The International Cocoa organization has reported a 75,000-ton cocoa shortfall for this growing season and that figure is expected to reach the million-ton mark by 2020 unless swift action is taken. While Eastern Europe and Brazil, the biggest cocoa consumers, have registered a surge in chocolate consumption in recent years, extreme weather events have hurt cocoa yields.
Image from IFC
The world’s top producers of cocoa—Cote d’Ivoire and Ghana (59% of the global cocoa supply chain) and Indonesia, Nigeria, and Cameroon (23% together) – are also those hardest hit by drought and flooding yet least prepared to respond to them.
According to ND-GAIN, an index indicating countries’ vulnerability to climate change and readiness to adapt to it, Cote d’Ivoire ranks 154 on a relative scale of 1 to 178 (with 1 being the most resilient); Ghana ranks 102; and Indonesia, Nigeria, and Cameroon rank 99, 140, and 130, respectively.
As a result of cocoa’s unfortunate turn, many cocoa companies, traders and chocolate manufacturers have begun joint projects aiming to boost cocoa yields through sustainability in the supply chain. Projects have engaged multicorporation collaboration, civil society actors and standards bodies and have generated investments from stakeholder governments. Although some projects have proven fruitful, effective coordination and scalability are still lacking, which provides much opportunity for further collaboration between private and public sectors in the next decade.
Besides climate woes and low adaptive ability, cocoa’s poor performance reflects a supply chain plagued by economic and social issues. Compromised bargaining power of smallholders, income instability and dismal working conditions are prompting many young cocoa farmers to quite in search of livelihoods elsewhere. Other issues include poor or lack of infrastructure (roads, health facilities, schools, and electricity) and a paucity of farmer training capacity. Both would provide public and private sector partnerships with opportunities for positive intervention. Several reports emphasize that yield increase alone will neither alleviate smallholders’ sufferings nor secure supply chains. Thus, the 2012 Cocoa Barometer report called for a holistic approach to solving the cocoa crisis, one going “beyond productivity.”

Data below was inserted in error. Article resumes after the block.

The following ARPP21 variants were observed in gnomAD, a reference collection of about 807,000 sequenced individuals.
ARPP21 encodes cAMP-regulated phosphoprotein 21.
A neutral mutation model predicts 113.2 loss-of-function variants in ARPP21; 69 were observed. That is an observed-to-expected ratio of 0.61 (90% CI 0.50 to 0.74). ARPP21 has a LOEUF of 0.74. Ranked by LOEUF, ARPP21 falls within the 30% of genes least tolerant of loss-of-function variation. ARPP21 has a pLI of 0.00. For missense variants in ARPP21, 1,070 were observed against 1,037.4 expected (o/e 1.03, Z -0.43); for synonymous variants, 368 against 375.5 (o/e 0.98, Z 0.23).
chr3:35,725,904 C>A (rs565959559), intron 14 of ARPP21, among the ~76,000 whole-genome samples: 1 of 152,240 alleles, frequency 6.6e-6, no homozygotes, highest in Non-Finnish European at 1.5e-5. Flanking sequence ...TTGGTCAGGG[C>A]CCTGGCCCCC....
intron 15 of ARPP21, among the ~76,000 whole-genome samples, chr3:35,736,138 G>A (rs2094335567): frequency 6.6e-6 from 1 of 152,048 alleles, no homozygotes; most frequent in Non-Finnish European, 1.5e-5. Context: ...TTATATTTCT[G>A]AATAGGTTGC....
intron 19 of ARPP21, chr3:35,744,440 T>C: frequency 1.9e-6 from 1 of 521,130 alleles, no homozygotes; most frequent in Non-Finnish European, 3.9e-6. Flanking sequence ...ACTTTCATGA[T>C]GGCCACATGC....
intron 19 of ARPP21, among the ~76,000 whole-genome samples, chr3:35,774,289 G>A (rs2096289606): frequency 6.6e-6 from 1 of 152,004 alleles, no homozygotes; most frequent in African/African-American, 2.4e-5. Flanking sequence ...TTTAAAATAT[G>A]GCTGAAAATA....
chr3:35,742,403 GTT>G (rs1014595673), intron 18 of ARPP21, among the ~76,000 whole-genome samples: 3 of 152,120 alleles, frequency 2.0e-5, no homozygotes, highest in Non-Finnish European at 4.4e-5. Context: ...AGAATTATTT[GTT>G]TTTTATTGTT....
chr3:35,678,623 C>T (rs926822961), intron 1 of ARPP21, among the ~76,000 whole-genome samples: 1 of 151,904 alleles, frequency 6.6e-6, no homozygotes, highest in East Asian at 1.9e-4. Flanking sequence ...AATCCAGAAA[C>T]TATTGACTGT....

In the last several years, consumer awareness of these issues surrounding cocoa production has expanded. Major chocolate manufacturers such as Cadbury, based in the United Kingdom, and Mars have committed to certified cocoa production standards that improve cocoa farmers’ security. These standards are specified by internationally recognized standard bodies such as Fairtrade Labelling Organizations International (FLO) and the Rainforest Alliance. Worldwide, companies and stakeholder nations are shifting toward more sustainable cocoa and have engaged a variety of sectors in multilateral programs.
With climate change accelerating, other key commodities popping up on the risk radar include vanilla, palm oil and coffee, among others. Keurig Green Mountain, Coca Cola, Heinz, Chipotle and other major food companies have all warned that climate change threatens businesses. Clearly, much room remains for progress, but this also provides ample opportunity for multilateral cooperation in building a more sustainable future for people, planet and profit.
Cocoa data and facts from the 2012 Cocoa Barometer report. Blog compiled by Sophia Chau, Intern, ND-GAIN